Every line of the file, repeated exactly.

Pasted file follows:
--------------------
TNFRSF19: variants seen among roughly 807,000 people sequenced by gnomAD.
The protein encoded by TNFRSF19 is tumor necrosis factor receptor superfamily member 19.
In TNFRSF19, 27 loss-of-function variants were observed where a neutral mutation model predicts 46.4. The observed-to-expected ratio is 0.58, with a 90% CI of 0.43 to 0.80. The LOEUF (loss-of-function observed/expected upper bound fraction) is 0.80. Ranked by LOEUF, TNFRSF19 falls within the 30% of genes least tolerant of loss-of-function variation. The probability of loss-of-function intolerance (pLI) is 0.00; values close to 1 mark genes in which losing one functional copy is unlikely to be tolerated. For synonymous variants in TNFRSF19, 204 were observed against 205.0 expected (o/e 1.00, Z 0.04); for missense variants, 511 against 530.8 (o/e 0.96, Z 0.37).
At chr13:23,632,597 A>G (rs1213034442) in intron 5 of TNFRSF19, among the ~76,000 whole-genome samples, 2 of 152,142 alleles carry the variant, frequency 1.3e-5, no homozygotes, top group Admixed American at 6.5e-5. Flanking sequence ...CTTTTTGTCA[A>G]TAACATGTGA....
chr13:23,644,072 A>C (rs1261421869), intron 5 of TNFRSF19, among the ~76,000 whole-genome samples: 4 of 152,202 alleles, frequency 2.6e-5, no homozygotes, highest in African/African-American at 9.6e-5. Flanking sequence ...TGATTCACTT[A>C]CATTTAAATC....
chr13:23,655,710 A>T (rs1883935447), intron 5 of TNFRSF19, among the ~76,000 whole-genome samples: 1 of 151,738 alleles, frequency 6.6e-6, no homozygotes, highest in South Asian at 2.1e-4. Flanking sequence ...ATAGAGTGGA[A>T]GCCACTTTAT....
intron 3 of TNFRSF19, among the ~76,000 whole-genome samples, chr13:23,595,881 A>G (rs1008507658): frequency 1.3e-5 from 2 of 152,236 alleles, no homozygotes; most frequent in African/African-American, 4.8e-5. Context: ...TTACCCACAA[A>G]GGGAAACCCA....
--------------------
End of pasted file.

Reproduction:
TNFRSF19: variants seen among roughly 807,000 people sequenced by gnomAD.
The protein encoded by TNFRSF19 is tumor necrosis factor receptor superfamily member 19.
In TNFRSF19, 27 loss-of-function variants were observed where a neutral mutation model predicts 46.4. The observed-to-expected ratio is 0.58, with a 90% CI of 0.43 to 0.80. The LOEUF (loss-of-function observed/expected upper bound fraction) is 0.80. Ranked by LOEUF, TNFRSF19 falls within the 30% of genes least tolerant of loss-of-function variation. The probability of loss-of-function intolerance (pLI) is 0.00; values close to 1 mark genes in which losing one functional copy is unlikely to be tolerated. For synonymous variants in TNFRSF19, 204 were observed against 205.0 expected (o/e 1.00, Z 0.04); for missense variants, 511 against 530.8 (o/e 0.96, Z 0.37).
At chr13:23,632,597 A>G (rs1213034442) in intron 5 of TNFRSF19, among the ~76,000 whole-genome samples, 2 of 152,142 alleles carry the variant, frequency 1.3e-5, no homozygotes, top group Admixed American at 6.5e-5. Flanking sequence ...CTTTTTGTCA[A>G]TAACATGTGA....
chr13:23,644,072 A>C (rs1261421869), intron 5 of TNFRSF19, among the ~76,000 whole-genome samples: 4 of 152,202 alleles, frequency 2.6e-5, no homozygotes, highest in African/African-American at 9.6e-5. Flanking sequence ...TGATTCACTT[A>C]CATTTAAATC....
chr13:23,655,710 A>T (rs1883935447), intron 5 of TNFRSF19, among the ~76,000 whole-genome samples: 1 of 151,738 alleles, frequency 6.6e-6, no homozygotes, highest in South Asian at 2.1e-4. Flanking sequence ...ATAGAGTGGA[A>T]GCCACTTTAT....
intron 3 of TNFRSF19, among the ~76,000 whole-genome samples, chr13:23,595,881 A>G (rs1008507658): frequency 1.3e-5 from 2 of 152,236 alleles, no homozygotes; most frequent in African/African-American, 4.8e-5. Context: ...TTACCCACAA[A>G]GGGAAACCCA....